Manifestos: People Before Profit

3 May 2022 Ryan Miller    Last updated: 3 May 2022

The manifesto series continues with People Before Profit. Will they return more than one MLA this time round? Read about their pitch to voters here.


People Before Profit (PB) is standing 12 candidates in the upcoming election.

Smaller parties – meaning those outside the big five – are generally more confident these days, and with good reason. The Assembly has 90 MLAs, six of whom are members of smaller parties or independents, and that number could conceivably double this election.

Whether PBP is able to gain more than one seat remains to be seen, but almost every party, big or small, has focused on Stormont dysfunction during their campaigns.

PBP is no different. The manifesto says things like “there is another way” and “there is a better way”. Their vision for this other way mixes together some post-sectarian community unity (they, like Alliance and the Greens, designate as Others) and some old-school socialism.

This is another uncosted manifesto – but everyone’s manifesto is uncosted. Some manifestos do have costs associated with some specific policies, but that’s misleading. Unless you’ve tied together all your policies with a bottom-line figure that is feasible, you’re not really costing your promises.

In the case of PBP, the list of commitments does not hold back: a direct payment of £1,000 to tackle the cost of living, including all but the top fifth of earners; emergency price controls on energy, food and fuel “where necessary”; a ban on higher tariffs for people using payment meters; privatise energy companies; rent controls; higher housing benefits; a £15 minimum wage; “inflation-busting pay rises for all workers”.

And that’s just page six.

Wish list

The party’s approach to poverty includes proposals for relatively modest welfare changes that would make the current system more sympathetic, including the removal of the five-wait wait for first payments, no repeat assessments for people with lifelong conditions, guaranteed rights for independent advice, and ending the sanctions system.

They want a new non-taxable weekly child payment for children aged 0-4 and those aged 5-15 who are in receipt of free school meals, extension of free-school meals support that includes holidays, expansion of Sure Start, better maternity pay and vastly improved childcare options.

Northern Ireland’s creaking healthcare system needs huge reform, and PBP identifies several problems as major issues – such as massive spending on agency workers, poor recruitment and retention of staff, long waiting lists and the lack of a mental health strategy.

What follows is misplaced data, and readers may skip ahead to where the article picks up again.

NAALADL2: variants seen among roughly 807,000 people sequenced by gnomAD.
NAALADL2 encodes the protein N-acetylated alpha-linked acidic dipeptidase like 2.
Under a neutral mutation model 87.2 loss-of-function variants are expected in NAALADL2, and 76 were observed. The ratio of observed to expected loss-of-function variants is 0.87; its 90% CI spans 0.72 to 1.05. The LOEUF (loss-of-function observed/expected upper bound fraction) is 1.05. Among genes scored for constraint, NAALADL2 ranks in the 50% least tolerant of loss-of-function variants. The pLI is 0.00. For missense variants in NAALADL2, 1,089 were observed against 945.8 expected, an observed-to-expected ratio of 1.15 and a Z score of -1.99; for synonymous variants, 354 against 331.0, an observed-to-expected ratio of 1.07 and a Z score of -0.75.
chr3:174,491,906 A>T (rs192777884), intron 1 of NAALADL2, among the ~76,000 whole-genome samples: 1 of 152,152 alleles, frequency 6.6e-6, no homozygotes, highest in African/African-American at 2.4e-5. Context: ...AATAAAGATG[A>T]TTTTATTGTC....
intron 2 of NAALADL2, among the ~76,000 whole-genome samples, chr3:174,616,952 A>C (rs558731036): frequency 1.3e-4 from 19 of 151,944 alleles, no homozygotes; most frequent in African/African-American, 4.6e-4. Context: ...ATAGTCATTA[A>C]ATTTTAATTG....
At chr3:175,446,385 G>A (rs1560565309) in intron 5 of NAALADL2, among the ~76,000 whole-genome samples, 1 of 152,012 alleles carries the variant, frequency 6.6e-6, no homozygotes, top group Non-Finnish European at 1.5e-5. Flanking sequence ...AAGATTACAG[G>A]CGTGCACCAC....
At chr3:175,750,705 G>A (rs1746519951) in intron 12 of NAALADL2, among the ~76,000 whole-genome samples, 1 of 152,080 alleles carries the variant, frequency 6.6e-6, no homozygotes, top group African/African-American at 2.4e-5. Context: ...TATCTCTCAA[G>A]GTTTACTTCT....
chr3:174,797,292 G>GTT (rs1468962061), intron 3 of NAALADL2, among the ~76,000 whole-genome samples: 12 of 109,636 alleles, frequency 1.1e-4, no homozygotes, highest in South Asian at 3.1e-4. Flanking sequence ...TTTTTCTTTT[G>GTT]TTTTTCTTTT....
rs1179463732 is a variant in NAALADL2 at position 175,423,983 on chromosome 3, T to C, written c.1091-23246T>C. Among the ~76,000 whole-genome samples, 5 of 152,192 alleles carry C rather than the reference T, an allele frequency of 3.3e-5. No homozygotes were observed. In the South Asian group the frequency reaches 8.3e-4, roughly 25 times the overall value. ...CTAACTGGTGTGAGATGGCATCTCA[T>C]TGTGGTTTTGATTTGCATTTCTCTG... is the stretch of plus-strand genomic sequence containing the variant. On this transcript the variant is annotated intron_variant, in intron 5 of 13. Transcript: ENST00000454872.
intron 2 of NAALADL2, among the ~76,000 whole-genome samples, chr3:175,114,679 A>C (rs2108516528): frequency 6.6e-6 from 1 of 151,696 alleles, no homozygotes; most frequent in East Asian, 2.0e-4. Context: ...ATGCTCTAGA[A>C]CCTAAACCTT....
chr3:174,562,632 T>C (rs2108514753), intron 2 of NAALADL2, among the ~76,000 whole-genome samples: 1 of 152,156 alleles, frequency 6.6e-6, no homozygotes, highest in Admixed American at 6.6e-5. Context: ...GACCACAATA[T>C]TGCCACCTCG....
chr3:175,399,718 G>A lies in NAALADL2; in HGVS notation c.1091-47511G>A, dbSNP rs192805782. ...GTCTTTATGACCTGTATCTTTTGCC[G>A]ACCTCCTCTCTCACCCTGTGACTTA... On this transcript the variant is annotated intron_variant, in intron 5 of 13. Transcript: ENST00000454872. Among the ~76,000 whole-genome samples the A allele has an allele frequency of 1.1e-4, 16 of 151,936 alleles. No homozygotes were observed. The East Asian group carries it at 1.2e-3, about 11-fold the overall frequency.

They want care homes to be brought into public ownership, a Covid-19 inquiry, and for reduction in waiting lists to be a “priority”.

However, they oppose Bengoa-style reforms, framing these as “stepping stones to paving the way for breaking-up the NHS altogether”.

Workers’ rights are unsurprisingly a key part of PBP’s policies. They want to lower the floor for organising in-company unions (currently a business must have 21 employees before it can unionise, PBP want this number reduced to five), modernising union regulations, introduce a four-day working week.

They also want to “ban agency working”. No details (or caveats) are mentioned.

More policies

PBP says NI has a housing and homelessness crisis. It wants to establish a Rental Board “with responsibility to maintain minimum accommodation standards via accommodation inspectors, secure tenancy leases, register agreed rents, and reduce existing rents to below 2011 levels.”

They also want to cap rents at 20% of a tenant’s income and whenever there is “loss of or reduction in income by the tenant, rents to be revised downwards, the shortfall to be made up through the social welfare system.”

The party also says that a recent move by the Department for Communities to reclassify the Housing Executive will allow it to borrow money again – and, therefore, to build homes – but is ultimately just “privatisation in a fancy wrapper.”

Proposed education policies include “investment in integrated, non-selective education to provide a universal, accessible, lifelong education system”, improving teacher and classroom assistant numbers, pay rises for staff, and free school meals for all children.

Solutions to the climate crisis include support and upskilling packages for affected workers, an exclusively renewable energy strategy, opposition to water charges (this is a normal PBP policy, but it’s not entirely clear why this is in the climate section), and net zero by 2035.

PBP’s equality strategies include more support (and services) for LGBTQ people, minorities, and support for reproductive rights. They also back an Irish Language Act, as well as investment in Irish-medium education and youth services.

Speaking of youth services, the party wants to “abolish student fees and launch an inquiry into the student finance system and its impact on poverty”, expand apprenticeships through local councils, give everyone aged 16 and up the full minimum wage, allow 16-year-olds to vote, and provide “free Public Transport for those under 25 as a first step to abolishing transport fees.”

In a section titled “Brexit and Partition” they slam “the Tory vision of” Brexit (but not necessarily Brexit itself, as they don’t like “the burgeoning EU Empire” much either), reject any land border between North and South, namedrop James Connolly, say workers shouldn’t pay any costs of Brexit, and say they support a poll on reunification of Ireland.

Finally, PBP wants to “oppose war and welcome refugees”, a section that applies a both-sides disdain to both Russia and to Ukraine, whose desire to join Nato would only see them join the treaty organisation’s “imperialist endeavours across the world.”

Read People Before Profit’s manifesto here.

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